As the pandemic continues, there is also much variation between which publishers have further extended complimentary access and which have ended their programs, Reznowski said. ExLibris Group, a ProQuest company that offers library automation solutions, maintains a list of COVID-19 and temporarily free resources. Some are offering access for a limited time, while others are expanding their license agreements and identifying COVID-19 research. Berghahn Journals, for example, have created a special access page where COVID-19 research published on their platform is flagged.
Reznowski points to an April 2020 article in the New England Journal of Higher Education by Roger Williams University’s Lindsey Gumb on the future predicament for open access. Gumb writes, “These materials, even if offered free of charge by the publisher right now during the pandemic, will inevitably shuffle back behind a paywall at the end of the semester, disproportionately harming students affected by conditions out of their control brought on by COVID-19 (displacement, illness, caretaking responsibilities, etc.) and who may need to retake courses and need access to the materials again.”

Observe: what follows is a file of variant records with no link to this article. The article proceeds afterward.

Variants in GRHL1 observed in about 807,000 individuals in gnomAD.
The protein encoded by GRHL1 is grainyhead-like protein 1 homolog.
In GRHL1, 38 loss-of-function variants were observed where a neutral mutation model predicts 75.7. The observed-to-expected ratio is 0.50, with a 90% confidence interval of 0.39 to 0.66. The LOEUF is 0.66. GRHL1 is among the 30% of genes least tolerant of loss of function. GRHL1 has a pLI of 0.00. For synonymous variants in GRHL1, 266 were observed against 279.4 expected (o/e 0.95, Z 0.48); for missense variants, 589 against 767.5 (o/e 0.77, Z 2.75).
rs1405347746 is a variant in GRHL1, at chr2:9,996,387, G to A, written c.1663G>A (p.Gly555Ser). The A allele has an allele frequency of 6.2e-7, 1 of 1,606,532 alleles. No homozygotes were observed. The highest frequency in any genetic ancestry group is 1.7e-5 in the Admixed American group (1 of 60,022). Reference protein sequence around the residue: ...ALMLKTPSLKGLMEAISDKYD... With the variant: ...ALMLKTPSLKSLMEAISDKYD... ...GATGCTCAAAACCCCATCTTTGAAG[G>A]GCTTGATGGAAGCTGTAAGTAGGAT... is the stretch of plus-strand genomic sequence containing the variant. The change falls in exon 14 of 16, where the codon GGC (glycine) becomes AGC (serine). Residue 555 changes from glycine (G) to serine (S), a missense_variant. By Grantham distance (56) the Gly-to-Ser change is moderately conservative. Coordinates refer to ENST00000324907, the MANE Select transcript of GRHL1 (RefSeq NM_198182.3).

“While academic libraries and their users have enjoyed publishers’ complimentary ‘open access,’ long-term solutions are needed,” Reznowski said. “True open access allows for the reuse and retention of materials free of limitations and restriction.”
A recent grant from the Center for Research Libraries’ Project CERES will allow Washington State University Libraries to digitize some 41,000 documents of early Washington State College Extension home economics publications as well as reports of the then-named Tree Fruit Experiment Station, today’s WSU Wenatchee Tree Fruit Research and Extension Center.
The digital collection will be of interest to farmers, nutritionists, historians and cultural studies researchers looking for Extension material from the first half of the 20th century.